Launching in the autumn of 2013, Open Data Festival will be hosting a global data festival. The details are quite vague at this point, but they are looking for volunteers, cities, and speakers. Feel free to sign up.
The festival is being organized by the same team that organizes Big Data Week.
This post is notes from the Coursera Data Analysis Course.
Here are some R commands that might serve helpful for cleaning data.
- sub() replace the first occurrence
- gsub() replaces all occurrences
Quantitative Variables in Ranges
- cut(data$col, seq(0,100, by=10)) breaks the data up by the range it falls into, in this example: whether the observation is between 0 and 10, 10 and 20, 20 and 30, and so on
- cut2(data$col, g=6) return a factor variable with 6 groups
- cut2(data$col, m=25) return a factor variable with at least 25 observations in each group
- merge() for combining data frames
- sort() sorting an array
- order(data$col, na.last=T) returns indexes for the ordered row
- data[order(data$col, na.last=T),] reorders the entire data frame based upon the col
- melt() in the reshape2 package, this is for reshaping data
- rbind() adding more rows to a data frame
Obviously, these functions have other parameters to do a lot more. There are also a number of other helpful R functions, but these are enough to get you started. Check the R help (?functionname) for more details.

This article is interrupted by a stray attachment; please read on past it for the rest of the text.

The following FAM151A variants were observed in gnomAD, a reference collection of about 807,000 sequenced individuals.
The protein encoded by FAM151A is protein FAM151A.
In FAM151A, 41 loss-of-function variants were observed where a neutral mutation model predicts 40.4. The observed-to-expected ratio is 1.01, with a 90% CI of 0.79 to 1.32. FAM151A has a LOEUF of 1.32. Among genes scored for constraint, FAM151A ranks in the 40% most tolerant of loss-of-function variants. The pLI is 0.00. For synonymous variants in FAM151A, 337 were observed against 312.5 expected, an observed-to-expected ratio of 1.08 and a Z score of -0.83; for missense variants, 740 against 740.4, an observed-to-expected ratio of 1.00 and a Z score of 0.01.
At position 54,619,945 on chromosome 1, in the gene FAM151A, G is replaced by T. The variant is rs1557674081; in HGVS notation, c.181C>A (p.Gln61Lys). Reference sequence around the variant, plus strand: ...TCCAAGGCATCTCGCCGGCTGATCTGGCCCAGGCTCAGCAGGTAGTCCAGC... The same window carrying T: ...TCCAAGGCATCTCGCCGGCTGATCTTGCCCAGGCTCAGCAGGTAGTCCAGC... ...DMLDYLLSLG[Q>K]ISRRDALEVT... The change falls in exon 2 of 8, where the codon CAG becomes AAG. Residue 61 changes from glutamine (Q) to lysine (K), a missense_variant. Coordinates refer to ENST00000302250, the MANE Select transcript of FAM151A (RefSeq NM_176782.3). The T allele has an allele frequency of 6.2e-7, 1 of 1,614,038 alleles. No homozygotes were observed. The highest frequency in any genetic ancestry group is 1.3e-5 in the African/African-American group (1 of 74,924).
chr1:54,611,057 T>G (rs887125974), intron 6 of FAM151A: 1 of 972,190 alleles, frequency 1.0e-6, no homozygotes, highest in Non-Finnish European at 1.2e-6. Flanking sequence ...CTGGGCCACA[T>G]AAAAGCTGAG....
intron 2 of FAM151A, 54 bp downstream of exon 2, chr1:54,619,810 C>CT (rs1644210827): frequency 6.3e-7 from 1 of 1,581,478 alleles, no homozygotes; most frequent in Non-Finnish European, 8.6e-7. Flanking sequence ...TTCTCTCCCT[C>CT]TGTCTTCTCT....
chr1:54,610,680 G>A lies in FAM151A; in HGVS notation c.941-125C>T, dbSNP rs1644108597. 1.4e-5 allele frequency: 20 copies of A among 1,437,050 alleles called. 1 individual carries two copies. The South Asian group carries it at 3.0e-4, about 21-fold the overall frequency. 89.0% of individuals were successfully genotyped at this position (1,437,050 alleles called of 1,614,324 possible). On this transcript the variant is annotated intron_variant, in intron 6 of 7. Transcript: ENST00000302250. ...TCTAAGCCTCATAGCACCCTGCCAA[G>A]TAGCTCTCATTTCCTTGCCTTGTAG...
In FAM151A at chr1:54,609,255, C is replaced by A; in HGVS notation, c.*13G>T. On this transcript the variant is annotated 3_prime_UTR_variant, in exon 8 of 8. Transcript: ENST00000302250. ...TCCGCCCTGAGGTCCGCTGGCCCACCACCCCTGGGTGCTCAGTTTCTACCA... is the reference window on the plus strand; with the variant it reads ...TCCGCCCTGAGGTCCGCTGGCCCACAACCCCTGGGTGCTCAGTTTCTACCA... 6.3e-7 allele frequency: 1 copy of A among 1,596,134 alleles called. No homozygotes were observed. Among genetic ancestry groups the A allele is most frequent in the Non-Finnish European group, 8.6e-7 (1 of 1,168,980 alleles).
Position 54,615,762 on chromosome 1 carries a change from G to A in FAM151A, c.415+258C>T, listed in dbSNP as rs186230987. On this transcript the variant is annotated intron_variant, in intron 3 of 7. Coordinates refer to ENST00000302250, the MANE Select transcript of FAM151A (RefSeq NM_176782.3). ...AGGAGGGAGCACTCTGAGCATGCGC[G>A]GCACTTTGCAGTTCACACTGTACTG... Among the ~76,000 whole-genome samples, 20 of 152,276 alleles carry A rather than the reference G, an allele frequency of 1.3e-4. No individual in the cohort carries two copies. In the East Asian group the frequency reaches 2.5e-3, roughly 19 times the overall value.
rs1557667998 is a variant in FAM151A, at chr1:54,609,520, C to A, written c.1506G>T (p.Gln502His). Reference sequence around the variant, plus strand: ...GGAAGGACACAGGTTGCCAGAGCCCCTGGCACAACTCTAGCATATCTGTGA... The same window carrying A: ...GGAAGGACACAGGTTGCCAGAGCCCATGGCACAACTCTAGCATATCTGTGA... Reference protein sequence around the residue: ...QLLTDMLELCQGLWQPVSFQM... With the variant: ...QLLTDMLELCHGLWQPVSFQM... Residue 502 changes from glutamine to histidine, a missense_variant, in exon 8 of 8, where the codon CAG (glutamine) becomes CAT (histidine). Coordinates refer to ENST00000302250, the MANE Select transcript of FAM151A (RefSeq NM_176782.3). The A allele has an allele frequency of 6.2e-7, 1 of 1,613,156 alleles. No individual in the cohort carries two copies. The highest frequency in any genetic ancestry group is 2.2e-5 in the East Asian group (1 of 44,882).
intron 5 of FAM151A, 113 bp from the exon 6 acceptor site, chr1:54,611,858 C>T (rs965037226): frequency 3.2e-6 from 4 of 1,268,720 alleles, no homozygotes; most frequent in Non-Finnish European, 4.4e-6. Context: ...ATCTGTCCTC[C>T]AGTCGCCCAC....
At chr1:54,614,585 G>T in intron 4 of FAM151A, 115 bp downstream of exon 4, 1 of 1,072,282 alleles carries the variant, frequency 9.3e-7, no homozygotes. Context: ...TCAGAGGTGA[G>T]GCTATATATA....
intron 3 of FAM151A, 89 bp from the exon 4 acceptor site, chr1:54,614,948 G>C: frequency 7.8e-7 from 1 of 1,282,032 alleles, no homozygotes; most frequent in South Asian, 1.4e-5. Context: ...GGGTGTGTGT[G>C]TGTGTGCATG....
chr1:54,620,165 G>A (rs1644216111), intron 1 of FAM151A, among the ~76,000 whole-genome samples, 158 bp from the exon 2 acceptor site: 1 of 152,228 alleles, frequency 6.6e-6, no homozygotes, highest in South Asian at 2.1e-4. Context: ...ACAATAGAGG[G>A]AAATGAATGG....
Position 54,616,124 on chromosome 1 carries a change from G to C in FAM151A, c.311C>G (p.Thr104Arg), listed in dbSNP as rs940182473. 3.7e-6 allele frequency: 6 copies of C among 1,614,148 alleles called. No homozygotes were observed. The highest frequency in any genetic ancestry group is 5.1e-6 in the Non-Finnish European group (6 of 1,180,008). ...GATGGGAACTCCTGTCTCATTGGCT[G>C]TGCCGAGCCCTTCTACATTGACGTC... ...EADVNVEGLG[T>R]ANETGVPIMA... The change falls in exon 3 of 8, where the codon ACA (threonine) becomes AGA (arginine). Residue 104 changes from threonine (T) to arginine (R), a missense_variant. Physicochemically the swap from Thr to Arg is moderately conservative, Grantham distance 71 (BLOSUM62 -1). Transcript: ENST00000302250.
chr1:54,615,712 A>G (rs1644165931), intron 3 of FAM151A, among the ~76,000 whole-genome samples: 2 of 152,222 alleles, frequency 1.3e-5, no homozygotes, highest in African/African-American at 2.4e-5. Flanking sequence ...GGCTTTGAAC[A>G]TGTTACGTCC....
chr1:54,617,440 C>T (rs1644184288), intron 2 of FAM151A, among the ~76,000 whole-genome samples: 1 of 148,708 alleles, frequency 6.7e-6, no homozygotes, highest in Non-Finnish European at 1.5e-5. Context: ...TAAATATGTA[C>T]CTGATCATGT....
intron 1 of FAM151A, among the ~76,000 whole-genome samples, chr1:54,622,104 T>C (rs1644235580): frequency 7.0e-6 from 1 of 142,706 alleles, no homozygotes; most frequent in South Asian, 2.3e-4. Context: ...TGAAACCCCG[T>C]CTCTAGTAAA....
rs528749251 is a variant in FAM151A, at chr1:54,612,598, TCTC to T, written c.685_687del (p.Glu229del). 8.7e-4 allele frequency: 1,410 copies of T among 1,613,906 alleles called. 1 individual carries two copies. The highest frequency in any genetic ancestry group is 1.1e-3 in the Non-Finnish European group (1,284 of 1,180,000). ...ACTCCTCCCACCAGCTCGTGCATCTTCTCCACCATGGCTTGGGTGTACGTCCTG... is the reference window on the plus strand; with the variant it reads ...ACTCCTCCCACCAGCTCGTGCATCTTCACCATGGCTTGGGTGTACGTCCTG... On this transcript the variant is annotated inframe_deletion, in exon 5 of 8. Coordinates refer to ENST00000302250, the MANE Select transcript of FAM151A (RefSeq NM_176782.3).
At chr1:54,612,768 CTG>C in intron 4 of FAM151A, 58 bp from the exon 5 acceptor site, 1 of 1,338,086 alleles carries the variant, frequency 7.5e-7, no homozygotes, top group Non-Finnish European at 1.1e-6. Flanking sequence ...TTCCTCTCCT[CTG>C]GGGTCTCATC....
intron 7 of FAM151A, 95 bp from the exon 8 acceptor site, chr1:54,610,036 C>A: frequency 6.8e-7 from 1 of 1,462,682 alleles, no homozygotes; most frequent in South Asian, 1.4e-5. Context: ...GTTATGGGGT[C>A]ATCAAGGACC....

This is a video infographic about pizza delivery in Manhattan. This is another good way to make data tell a story.
Yesterday, I made some predictions about the startups I thought would win at the Strata Startup Showcase. Here are the winners.
So how did I do? Well, I got one of the winners correct. I selected Placed. Hopefully videos of the demos will be available. If I find them, I will post some of them to the blog.
Blake Shaw, a data scientist at Foursquare, gave a great talk at Datagotham. The visualization of New York City check-ins, at the beginning of the video, is simply amazing. It is worth watching the video just for that. However, after seeing that great visualization, you will be persuaded to watch the rest of the video. This talk is an excellent example of what good data science and visualization can do.
Data Gotham, the New York City Data Science Conference, is live streaming the presentations today. Things are already underway, so you should be able to go to the site and start watching.
A while back, Strata hosted a web conference titled Data in Motion. The slides and audio are now available online. The conference is focused on unique applications of data used for movement. Examples are: trains, aerospace, and even car racing. The first talk on formula one car racing was fascinating. I had never thought about the amount of data analysis that goes into racing.
A few professors from Stanford University have released version 1.1 of their textbook, Mining of Massive Datasets. The book has been created from materials used for a couple of Stanford computer science classes including large-scale data-mining and web mining. The book looks excellent and really focuses on the analysis of data at a large scale. Some people would use the word bigdata. Below is a list of some of the topics covered in the textbook.
- data mining
- recommender systems
- and more
The book is free for download, or available from Cambridge University Press.